Book update

Back in March I wrote about re-reading the Terry Pratchett series, Truckers, Diggers, and Wings in the hopes of kickstarting a bit more reading than I had been doing. It was a plan that worked rather well, the silliness was just what I needed at the time, and they were just as good as I remembered them!

Cover of "Fables Vol. 1: Legends in Exile...
Since then, my reading dropped off a little, so I decided that Sandman and Fables anthologies were the perfect antidote. The highly visual media and that all you have to read is dialogue for the most part makes them less of a challenge when concentration is lacking. It only gets better when the kick-ass character in Fables is Snow White (with Bigby a close second).

English: Belly Band of Norwegian Wood 1st edit...

I wish I’d had the chance to read this Norwegian Wood 1st edition written by Haruki Murakami! (Photo credit: Wikipedia)


After that, I decided it was time to bring out the big guns. Yup. A Murakami novel, the magical cure for all reading maladies. This time it was Norwegian Wood, his least surreal novel. I’m rather glad it’s not the novel I started with, though one could argue that Kafka on the Shore is hardly a normal story. However, whilst Kafka is unarguably more weird, Norwegian Wood is instead far more intense. It was a rather unusual reading experience in that watching the movie adaptation beforehand didn’t spoil the book, but rather enhanced it (though, of course your mileage may vary on that). In Norwegian Wood, Murakami tells the relatively straight forward story of a Japanese man in his 30’s recalling his life from late teens through to his mid twenties. It’s a fairly intense period for most people, one might feel, but for Watanabe it’s perhaps worse than most. Without wishing to reveal too much, the novel’s themes centre on love, mental illness, loss and the process of becoming an adult amidst all of this turmoil. For perhaps obvious, and some that are less so, reasons this story resonated with me to a great deal. Even if I never find time to revisit it, I can’t see the stories of Watanabe, Naoko, Midori, and Reikos’ leaving me anytime soon.

A Short History of Nearly Everything by Bill B...
Currently though, I am once again re-reading. This time it’s Bill Bryson’s A Short History of Nearly Everything. I first read this aged 14, just after my room had had to be evacuated due to massive amounts of rain and a leak in our roof. This would, of course, have been around the time I first became ill. I really enjoyed this book the first time I read it, sat in a room that for once looked spacious (it’s very small, and contains around 200 books when not evacuated), and that’s since become quite a fond memory. I don’t suppose I am the only one who knows how nice enjoying something again after a while of not being able to is.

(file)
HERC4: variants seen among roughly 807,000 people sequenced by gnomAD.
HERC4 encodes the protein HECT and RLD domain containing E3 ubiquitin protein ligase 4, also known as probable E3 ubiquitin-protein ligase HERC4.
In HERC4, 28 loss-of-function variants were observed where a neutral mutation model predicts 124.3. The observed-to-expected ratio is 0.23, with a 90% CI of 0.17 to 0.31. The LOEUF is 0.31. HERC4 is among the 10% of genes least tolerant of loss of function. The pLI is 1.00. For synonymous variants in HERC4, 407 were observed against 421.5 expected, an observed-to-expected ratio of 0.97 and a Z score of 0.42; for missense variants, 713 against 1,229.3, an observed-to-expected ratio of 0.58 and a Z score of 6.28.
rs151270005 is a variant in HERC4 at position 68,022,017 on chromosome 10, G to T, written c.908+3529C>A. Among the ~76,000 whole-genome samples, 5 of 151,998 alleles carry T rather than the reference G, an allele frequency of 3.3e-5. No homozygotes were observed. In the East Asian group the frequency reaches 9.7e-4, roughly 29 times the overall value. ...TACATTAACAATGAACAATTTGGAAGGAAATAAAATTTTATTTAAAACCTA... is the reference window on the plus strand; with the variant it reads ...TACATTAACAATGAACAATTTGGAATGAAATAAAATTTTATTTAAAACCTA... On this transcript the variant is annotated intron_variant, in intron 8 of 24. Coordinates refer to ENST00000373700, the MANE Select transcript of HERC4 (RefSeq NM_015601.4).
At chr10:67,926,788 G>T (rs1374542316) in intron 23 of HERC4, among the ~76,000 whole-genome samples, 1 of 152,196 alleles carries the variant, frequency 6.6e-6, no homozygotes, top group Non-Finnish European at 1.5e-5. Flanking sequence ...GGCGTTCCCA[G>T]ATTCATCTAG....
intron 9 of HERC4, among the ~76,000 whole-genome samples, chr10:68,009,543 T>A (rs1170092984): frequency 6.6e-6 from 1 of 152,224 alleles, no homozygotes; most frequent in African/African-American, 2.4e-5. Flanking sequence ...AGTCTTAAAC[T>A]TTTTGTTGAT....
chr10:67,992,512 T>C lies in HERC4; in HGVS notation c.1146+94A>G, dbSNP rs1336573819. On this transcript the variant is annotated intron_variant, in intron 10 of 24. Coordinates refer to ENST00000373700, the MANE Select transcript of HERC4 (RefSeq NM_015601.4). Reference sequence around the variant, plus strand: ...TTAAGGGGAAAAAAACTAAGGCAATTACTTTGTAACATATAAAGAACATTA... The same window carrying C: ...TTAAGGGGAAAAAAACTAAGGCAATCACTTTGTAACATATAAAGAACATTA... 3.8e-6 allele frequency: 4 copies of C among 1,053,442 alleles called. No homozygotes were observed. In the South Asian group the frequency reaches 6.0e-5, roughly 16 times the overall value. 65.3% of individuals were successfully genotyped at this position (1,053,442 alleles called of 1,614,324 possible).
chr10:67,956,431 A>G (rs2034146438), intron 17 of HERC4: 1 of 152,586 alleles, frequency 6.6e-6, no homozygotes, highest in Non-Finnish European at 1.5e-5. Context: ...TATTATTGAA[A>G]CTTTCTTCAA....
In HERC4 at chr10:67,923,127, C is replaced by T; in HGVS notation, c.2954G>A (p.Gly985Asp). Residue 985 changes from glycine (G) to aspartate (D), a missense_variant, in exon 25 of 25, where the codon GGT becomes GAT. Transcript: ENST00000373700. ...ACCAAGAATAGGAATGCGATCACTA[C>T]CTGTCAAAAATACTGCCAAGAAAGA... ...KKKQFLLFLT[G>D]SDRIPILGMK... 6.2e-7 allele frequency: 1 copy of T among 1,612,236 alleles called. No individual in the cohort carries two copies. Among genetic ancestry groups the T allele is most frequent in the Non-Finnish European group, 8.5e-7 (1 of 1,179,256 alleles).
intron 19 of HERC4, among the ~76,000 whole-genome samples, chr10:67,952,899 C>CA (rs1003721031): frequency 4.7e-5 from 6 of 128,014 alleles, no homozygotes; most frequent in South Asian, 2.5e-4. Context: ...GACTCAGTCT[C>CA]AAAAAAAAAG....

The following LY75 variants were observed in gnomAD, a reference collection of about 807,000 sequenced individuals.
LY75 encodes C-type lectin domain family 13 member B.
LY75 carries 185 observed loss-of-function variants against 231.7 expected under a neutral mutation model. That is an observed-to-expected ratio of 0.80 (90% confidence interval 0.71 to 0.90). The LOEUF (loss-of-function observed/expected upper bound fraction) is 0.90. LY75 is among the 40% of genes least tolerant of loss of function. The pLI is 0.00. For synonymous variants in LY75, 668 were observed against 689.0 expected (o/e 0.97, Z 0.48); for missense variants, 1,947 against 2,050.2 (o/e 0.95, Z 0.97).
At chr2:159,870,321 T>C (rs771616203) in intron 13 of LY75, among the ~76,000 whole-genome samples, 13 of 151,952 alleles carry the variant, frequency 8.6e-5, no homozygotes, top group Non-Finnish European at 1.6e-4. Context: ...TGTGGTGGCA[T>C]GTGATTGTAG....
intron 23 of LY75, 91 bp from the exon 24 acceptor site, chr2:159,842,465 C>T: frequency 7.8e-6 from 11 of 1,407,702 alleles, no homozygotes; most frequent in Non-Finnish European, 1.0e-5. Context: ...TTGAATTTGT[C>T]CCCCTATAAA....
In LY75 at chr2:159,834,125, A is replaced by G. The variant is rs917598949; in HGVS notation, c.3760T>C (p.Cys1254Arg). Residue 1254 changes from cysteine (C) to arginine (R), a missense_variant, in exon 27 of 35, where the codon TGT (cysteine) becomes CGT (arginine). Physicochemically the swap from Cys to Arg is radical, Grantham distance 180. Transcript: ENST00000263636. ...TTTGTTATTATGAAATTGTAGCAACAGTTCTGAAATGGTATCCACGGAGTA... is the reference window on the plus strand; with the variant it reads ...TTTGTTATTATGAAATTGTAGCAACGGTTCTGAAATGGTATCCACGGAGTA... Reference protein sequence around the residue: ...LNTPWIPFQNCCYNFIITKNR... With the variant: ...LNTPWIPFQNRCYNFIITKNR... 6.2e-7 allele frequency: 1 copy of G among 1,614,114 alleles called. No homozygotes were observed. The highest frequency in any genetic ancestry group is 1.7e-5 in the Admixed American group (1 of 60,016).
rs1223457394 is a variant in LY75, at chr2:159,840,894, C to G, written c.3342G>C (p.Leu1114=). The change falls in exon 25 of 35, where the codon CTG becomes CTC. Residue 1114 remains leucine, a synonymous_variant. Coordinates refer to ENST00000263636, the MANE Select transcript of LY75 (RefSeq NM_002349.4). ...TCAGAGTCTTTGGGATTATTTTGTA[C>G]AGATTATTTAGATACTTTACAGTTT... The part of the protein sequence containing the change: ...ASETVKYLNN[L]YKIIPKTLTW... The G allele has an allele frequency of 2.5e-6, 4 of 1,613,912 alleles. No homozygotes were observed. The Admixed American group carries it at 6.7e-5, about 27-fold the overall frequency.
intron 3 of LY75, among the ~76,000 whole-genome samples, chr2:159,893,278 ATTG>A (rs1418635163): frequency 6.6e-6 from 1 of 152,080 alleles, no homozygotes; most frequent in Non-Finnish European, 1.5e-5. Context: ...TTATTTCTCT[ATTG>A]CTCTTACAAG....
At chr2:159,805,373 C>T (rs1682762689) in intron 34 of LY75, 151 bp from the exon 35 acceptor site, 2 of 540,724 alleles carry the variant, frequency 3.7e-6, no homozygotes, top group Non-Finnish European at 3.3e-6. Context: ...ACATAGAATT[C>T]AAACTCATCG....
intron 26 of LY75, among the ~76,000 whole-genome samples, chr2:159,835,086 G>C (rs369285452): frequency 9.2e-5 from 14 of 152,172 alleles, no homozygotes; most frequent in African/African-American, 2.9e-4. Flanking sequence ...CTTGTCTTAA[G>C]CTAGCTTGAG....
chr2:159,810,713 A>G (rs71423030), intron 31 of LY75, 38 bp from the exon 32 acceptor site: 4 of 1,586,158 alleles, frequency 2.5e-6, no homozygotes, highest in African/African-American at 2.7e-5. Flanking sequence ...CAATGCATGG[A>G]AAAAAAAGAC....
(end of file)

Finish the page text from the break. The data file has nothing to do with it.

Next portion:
After I’ve finished this, I have a fair few books I ought (never a good word in this context), to read. The Bell Jar (Sylvia Plath), On the Road, (Jack Kerouac), The Long Earth (Terry Pratchett and Stephen Baxter). I think I might remind myself to mix those up with some good old trusty re-reads. Sabriel has spent a long time now sat on my shelf.

Truckers, Diggers and Wings

I seem to have slipped back into one of my ‘can’t read for shit’ lulls, which I suppose shouldn’t be too surprising. I’ve been trying for ages now to read The Silent Cry, and never managing to get very far. It’s quite annoying, because it’s actually quite interesting – just quite dense, especially the layout of the text and font size in my particular copy.

So often these days I simply can’t concentrate when reading. I used to read incredibly voraciously, but when stopped when I got very ill in 2008. After about a year and a half, I managed to finish A Farewell to Arms. Then I read Kafka on the Shore, and that got me back into reading properly.

Annoyingly, I don’t have an available Murakami novel this time. I might have to do something about that soon.

For now though, I have a series I first read at 13, and haven’t re-read since. I remember loving them at the time, racing through all three in one holiday. We were caravanning in Bude, Cornwall, and I killed all the boring time we spent inside the caravan lost in these books. They were also my very first introduction to one of my long term favourite authors; Terry Pratchett. It was the Nome Trilogy: Truckers, Diggers, and Wings.

So I’m thinking I shall try and re-read this rather silly series, rather than aim to be all intellectual.